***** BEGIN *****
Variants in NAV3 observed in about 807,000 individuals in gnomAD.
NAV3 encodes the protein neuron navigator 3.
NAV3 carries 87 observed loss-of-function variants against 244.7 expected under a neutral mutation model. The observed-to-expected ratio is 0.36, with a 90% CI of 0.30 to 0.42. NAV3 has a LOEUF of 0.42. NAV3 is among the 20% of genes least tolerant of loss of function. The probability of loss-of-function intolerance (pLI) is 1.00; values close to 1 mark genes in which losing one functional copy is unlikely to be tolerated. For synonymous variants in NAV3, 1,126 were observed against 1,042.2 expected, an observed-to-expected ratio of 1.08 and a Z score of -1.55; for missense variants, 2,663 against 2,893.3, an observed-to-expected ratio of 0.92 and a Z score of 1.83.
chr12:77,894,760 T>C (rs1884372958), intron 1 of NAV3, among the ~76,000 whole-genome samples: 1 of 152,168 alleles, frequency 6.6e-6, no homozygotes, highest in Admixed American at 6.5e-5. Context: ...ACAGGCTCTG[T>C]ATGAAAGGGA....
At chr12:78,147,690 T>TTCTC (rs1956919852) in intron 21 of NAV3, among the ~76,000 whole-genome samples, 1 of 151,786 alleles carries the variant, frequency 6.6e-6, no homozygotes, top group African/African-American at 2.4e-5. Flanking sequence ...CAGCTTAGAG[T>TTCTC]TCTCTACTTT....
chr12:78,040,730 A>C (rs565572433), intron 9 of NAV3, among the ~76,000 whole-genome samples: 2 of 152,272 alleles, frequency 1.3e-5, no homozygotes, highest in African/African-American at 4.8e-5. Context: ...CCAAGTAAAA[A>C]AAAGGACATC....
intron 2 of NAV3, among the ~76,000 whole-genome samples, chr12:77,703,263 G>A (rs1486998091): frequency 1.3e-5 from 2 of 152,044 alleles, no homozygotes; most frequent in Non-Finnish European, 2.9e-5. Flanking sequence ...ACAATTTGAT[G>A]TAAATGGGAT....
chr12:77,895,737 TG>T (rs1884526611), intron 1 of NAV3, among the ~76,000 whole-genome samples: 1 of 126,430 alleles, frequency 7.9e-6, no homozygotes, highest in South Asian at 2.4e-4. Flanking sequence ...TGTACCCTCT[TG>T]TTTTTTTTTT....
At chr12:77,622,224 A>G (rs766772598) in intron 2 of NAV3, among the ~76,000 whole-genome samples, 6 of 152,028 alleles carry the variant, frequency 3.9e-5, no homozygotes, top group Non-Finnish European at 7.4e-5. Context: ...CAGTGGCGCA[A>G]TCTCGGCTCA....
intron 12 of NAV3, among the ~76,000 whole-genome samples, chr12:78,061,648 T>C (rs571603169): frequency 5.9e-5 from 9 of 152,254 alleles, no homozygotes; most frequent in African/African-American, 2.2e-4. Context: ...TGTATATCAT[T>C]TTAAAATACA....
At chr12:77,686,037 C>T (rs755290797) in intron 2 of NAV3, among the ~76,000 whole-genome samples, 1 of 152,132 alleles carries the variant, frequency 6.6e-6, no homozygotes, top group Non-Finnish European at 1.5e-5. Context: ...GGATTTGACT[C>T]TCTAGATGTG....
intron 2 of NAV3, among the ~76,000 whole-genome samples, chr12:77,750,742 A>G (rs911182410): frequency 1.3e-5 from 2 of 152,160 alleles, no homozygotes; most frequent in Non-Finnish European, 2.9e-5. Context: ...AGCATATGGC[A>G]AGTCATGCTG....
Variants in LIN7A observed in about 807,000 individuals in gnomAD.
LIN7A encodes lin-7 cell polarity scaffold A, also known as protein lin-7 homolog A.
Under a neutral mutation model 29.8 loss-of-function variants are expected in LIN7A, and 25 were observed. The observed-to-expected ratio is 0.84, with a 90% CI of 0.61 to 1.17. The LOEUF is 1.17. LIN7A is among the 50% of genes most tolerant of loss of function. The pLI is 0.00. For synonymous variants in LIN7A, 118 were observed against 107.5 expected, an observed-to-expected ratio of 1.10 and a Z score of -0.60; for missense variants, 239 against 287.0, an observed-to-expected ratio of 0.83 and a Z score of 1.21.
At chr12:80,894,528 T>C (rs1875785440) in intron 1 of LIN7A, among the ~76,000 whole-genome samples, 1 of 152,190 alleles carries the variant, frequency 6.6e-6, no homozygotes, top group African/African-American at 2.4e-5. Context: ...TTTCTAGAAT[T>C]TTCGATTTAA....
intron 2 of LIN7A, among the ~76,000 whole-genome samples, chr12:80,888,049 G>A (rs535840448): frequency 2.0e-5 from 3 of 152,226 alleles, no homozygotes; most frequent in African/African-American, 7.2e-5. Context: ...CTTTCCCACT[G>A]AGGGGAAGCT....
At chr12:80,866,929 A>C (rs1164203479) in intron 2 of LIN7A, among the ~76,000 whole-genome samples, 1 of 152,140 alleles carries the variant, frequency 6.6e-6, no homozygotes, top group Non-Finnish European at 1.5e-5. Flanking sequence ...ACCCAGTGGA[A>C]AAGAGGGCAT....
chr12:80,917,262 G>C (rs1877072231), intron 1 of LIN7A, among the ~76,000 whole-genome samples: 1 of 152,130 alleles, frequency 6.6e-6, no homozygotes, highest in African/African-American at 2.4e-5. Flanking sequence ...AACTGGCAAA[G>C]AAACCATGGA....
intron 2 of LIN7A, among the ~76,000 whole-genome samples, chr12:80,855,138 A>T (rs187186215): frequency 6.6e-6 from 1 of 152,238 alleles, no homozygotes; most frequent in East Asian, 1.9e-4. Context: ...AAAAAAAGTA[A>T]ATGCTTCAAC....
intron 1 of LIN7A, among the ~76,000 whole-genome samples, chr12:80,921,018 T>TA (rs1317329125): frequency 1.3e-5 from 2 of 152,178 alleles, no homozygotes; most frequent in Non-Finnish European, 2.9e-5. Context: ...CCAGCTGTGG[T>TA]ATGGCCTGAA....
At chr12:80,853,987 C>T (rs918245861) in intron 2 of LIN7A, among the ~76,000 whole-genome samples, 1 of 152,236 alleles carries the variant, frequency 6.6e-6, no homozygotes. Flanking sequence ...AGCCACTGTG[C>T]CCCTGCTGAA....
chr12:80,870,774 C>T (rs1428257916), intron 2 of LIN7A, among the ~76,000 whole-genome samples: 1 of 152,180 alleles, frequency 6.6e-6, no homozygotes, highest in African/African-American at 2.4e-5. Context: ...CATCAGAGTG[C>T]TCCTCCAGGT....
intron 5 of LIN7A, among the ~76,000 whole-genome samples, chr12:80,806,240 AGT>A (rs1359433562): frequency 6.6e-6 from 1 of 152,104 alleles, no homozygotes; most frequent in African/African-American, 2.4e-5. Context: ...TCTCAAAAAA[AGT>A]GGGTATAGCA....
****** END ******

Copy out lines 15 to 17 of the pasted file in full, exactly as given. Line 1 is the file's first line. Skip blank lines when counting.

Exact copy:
Under a neutral mutation model 29.8 loss-of-function variants are expected in LIN7A, and 25 were observed. The observed-to-expected ratio is 0.84, with a 90% CI of 0.61 to 1.17. The LOEUF is 1.17. LIN7A is among the 50% of genes most tolerant of loss of function. The pLI is 0.00. For synonymous variants in LIN7A, 118 were observed against 107.5 expected, an observed-to-expected ratio of 1.10 and a Z score of -0.60; for missense variants, 239 against 287.0, an observed-to-expected ratio of 0.83 and a Z score of 1.21.
At chr12:80,894,528 T>C (rs1875785440) in intron 1 of LIN7A, among the ~76,000 whole-genome samples, 1 of 152,190 alleles carries the variant, frequency 6.6e-6, no homozygotes, top group African/African-American at 2.4e-5. Context: ...TTTCTAGAAT[T>C]TTCGATTTAA....
intron 2 of LIN7A, among the ~76,000 whole-genome samples, chr12:80,888,049 G>A (rs535840448): frequency 2.0e-5 from 3 of 152,226 alleles, no homozygotes; most frequent in African/African-American, 7.2e-5. Context: ...CTTTCCCACT[G>A]AGGGGAAGCT....